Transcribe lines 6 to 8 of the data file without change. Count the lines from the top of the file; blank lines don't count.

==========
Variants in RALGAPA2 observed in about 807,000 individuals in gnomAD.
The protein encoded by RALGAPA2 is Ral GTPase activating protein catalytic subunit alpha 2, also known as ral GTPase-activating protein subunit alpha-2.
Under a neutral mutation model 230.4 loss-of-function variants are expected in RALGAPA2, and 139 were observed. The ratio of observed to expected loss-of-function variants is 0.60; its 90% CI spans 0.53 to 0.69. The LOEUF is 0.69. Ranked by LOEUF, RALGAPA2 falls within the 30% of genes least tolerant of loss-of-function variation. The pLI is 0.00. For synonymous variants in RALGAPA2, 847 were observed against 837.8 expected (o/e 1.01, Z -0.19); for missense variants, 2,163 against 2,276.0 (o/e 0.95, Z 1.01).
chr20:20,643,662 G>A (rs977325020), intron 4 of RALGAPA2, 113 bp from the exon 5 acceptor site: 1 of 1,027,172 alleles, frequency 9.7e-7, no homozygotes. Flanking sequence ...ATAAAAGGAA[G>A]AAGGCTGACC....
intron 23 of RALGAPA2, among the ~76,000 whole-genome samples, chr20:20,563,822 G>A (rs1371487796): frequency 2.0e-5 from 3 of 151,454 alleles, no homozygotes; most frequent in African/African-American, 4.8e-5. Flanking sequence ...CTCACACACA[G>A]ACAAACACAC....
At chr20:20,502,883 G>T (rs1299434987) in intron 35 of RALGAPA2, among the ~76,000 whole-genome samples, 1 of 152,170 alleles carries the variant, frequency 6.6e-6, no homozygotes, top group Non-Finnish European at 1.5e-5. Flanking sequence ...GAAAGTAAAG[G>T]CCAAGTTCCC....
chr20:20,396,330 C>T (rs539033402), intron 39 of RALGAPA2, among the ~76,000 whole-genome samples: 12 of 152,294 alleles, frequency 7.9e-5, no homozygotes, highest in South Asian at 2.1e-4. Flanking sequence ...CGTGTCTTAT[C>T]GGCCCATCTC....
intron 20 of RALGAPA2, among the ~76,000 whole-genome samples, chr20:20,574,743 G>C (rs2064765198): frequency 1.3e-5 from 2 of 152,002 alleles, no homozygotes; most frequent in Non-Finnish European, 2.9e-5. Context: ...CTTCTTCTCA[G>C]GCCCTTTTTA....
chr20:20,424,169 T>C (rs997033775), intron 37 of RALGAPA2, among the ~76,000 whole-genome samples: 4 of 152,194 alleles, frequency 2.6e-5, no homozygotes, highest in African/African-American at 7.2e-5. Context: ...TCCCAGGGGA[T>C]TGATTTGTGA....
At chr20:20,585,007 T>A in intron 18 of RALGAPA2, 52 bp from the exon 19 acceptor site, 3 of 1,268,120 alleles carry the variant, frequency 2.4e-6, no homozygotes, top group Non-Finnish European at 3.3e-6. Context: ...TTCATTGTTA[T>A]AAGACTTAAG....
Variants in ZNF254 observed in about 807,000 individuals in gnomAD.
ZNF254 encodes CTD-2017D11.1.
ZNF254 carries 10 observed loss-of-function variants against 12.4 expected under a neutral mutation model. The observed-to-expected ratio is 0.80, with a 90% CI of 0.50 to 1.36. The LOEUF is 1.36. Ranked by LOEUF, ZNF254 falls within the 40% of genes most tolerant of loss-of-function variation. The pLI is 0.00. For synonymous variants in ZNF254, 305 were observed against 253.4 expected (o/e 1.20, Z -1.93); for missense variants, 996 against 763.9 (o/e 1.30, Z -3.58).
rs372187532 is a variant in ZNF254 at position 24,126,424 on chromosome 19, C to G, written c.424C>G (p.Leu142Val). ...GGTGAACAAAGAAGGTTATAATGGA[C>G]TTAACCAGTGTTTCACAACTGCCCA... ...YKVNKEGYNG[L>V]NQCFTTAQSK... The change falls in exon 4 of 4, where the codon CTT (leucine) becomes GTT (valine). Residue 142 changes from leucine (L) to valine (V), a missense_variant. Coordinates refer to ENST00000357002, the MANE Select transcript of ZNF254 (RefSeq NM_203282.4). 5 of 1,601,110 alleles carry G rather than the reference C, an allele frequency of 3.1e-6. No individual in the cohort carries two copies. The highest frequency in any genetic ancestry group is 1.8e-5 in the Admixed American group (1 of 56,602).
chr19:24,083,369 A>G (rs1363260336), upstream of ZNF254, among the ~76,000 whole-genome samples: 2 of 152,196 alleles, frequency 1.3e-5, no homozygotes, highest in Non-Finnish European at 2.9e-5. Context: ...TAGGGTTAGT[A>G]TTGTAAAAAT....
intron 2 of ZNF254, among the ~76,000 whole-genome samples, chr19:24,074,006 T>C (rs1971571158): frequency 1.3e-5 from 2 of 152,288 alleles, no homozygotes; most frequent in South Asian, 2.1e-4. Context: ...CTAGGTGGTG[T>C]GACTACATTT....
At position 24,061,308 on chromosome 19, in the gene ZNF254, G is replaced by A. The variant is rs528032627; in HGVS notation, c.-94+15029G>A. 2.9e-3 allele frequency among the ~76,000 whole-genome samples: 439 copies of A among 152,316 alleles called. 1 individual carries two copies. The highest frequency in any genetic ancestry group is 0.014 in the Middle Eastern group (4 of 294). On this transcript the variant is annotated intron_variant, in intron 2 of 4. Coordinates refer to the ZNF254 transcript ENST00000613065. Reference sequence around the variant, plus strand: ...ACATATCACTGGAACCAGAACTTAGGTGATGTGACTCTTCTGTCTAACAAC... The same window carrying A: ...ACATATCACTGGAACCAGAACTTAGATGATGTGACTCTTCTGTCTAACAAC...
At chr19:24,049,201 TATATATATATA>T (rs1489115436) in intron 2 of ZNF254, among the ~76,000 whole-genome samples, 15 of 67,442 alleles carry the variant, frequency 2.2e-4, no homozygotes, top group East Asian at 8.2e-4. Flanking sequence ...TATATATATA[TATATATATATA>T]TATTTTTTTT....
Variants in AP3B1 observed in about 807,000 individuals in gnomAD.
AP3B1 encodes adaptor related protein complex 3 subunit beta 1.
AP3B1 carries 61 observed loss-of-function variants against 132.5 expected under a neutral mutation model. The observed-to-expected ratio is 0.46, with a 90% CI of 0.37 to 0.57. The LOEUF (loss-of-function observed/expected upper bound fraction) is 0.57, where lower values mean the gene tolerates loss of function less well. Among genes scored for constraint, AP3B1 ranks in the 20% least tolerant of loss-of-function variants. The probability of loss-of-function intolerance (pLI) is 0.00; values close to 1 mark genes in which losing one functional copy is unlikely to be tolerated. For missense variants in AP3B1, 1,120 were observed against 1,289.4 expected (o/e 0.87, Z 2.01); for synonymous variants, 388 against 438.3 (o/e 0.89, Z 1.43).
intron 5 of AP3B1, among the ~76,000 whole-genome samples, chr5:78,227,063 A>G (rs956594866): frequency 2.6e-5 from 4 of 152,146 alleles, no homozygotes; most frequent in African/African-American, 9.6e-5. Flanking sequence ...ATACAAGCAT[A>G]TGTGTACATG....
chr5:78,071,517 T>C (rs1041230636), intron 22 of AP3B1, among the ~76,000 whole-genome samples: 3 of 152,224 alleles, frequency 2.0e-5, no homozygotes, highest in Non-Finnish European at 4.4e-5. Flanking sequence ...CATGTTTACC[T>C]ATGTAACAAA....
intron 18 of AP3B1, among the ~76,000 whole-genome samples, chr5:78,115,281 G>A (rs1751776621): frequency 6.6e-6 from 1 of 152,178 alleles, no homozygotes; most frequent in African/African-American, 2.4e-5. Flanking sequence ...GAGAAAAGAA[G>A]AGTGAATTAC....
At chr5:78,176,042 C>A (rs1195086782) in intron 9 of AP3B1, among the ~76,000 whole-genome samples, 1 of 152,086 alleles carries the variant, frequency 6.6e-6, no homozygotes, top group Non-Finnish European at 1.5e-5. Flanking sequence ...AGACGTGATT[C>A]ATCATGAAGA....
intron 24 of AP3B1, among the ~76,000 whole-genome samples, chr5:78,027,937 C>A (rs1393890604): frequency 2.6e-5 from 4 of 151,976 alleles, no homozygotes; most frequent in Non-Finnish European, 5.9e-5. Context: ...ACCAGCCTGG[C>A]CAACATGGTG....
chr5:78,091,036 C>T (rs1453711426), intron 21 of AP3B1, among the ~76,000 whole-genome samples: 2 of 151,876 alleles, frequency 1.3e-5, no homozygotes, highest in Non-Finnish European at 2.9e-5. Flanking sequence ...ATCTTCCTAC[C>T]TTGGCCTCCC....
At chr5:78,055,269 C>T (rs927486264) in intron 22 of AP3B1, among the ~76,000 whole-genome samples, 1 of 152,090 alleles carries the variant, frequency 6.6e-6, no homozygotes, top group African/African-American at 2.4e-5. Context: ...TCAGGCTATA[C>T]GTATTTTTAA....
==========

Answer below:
At chr20:20,502,883 G>T (rs1299434987) in intron 35 of RALGAPA2, among the ~76,000 whole-genome samples, 1 of 152,170 alleles carries the variant, frequency 6.6e-6, no homozygotes, top group Non-Finnish European at 1.5e-5. Flanking sequence ...GAAAGTAAAG[G>T]CCAAGTTCCC....
chr20:20,396,330 C>T (rs539033402), intron 39 of RALGAPA2, among the ~76,000 whole-genome samples: 12 of 152,294 alleles, frequency 7.9e-5, no homozygotes, highest in South Asian at 2.1e-4. Flanking sequence ...CGTGTCTTAT[C>T]GGCCCATCTC....
intron 20 of RALGAPA2, among the ~76,000 whole-genome samples, chr20:20,574,743 G>C (rs2064765198): frequency 1.3e-5 from 2 of 152,002 alleles, no homozygotes; most frequent in Non-Finnish European, 2.9e-5. Context: ...CTTCTTCTCA[G>C]GCCCTTTTTA....